Book Two in the critically acclaimed Fire Sermon post-apocalyptic trilogy, “with its well-built world, vivid characters and suspenseful plot” (Kirkus Reviews, starred review), is an exciting and thought-provoking continuation of this epic social commentary written by award-winning poet Francesca Haig.
Four hundred years after a nuclear apocalypse, all humans are born in pairs: the Alphas, and their deformed Omega twins, who are ruthlessly oppressed. But despite their claims of superiority, the Alphas cannot escape one harsh fact: Whenever one twin dies, so does the other.
Following the events of The Fire Sermon, the Omega resistance has been brutally attacked, its members dead or in hiding. The Alpha Council’s plan for permanently containing the Omegas has begun. But all is not entirely lost: the Council’s seer, the Confessor, is dead, killed by her twin’s sacrifice.
Cass is left haunted by visions of the past, while her brother Zach’s cruelty and obsession push her to the edge and threaten to destroy everything she hopes for. As the country moves closer to all-out civil war, Cass will learn that to change the future she will need to uncover the past. But nothing can prepare her for what she discovers: a deeply buried secret that raises the stakes higher than ever before.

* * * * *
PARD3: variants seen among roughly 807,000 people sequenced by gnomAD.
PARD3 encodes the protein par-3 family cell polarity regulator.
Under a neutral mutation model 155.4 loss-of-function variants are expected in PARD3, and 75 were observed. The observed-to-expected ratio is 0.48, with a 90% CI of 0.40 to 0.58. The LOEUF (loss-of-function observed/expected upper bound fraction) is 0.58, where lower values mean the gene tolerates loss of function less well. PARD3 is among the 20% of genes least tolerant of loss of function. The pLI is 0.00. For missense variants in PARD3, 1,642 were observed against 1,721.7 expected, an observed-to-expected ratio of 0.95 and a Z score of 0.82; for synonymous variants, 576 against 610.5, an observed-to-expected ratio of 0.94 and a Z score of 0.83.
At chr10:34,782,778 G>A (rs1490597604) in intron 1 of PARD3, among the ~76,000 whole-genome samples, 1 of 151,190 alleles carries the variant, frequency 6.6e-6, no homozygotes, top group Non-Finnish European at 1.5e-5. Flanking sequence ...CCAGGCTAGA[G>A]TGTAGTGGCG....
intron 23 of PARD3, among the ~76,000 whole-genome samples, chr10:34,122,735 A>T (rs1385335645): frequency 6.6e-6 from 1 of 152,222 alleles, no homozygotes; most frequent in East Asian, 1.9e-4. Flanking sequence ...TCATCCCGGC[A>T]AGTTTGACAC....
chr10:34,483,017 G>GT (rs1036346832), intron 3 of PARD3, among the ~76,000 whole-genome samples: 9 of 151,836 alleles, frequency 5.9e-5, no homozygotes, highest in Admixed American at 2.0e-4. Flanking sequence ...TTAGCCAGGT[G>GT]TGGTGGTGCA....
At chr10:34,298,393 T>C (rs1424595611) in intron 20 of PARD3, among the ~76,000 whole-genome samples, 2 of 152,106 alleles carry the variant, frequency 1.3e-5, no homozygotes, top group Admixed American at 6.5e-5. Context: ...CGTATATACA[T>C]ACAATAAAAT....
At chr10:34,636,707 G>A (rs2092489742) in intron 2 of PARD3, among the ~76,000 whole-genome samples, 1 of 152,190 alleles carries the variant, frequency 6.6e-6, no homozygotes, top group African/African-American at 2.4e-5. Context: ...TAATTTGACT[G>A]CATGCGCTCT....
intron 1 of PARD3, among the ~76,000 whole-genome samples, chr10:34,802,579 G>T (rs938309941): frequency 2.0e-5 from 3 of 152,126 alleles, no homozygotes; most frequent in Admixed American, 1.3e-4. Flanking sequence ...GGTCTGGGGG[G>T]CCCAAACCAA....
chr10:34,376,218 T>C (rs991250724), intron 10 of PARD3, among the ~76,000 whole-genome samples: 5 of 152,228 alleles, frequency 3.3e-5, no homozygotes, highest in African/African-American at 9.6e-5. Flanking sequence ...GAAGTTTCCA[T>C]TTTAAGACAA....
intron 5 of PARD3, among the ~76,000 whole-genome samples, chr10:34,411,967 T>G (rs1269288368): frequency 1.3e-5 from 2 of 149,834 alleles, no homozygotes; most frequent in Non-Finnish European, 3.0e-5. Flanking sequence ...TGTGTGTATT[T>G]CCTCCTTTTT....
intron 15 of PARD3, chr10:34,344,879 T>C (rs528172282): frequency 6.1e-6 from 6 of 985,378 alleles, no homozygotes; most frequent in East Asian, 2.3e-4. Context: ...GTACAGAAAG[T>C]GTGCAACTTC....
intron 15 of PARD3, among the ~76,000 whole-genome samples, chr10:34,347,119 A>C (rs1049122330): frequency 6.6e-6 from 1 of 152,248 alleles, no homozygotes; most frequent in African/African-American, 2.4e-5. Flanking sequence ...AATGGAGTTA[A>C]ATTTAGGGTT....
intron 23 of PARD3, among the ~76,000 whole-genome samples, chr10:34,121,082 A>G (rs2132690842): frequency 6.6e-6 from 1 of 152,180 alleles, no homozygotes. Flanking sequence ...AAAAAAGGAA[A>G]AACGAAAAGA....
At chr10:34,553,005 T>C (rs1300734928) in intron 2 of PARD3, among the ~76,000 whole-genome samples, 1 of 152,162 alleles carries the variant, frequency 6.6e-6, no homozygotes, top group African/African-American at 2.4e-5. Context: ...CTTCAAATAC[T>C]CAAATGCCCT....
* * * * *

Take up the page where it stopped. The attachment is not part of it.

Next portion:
Haig's second Fire Sermon novel continues the postapocalyptic saga in which humanity has survived in the form of pairs of genetically "perfect" Alphas and sterile, "deformed" Omegas. Each Alpha-Omega pair is psychically connected so that if one twin dies, so does the other. The Alphas have systematically oppressed their siblings and are moving ahead on an aggressive plan to place them in suspended animation using taboo technology. Omega and seer Cass is determined to thwart this, especially since her own twin, Zach, is its mastermind. But to save Omegas everywhere, she has to rekindle an all-but-destroyed rebellion and locate the fabled Ark, a last-ditch storehouse of information and technology predating the nuclear war that destroyed civilization. Haig fleshes out her radiation-scarred dystopian setting and its intrigues, as well as touching upon the last survivors of the old world. It's a grim, atmospheric tale featuring unpleasant decisions and morally compromised characters, with very little brightness to balance it out, but Haig does interject the occasional positive note. Much is left unresolved, of course, setting up the final installment.
I love this entire trilogy, but this one might just be my favorite
You won’t be able to put this book down, very engaging, very tense, very good lol.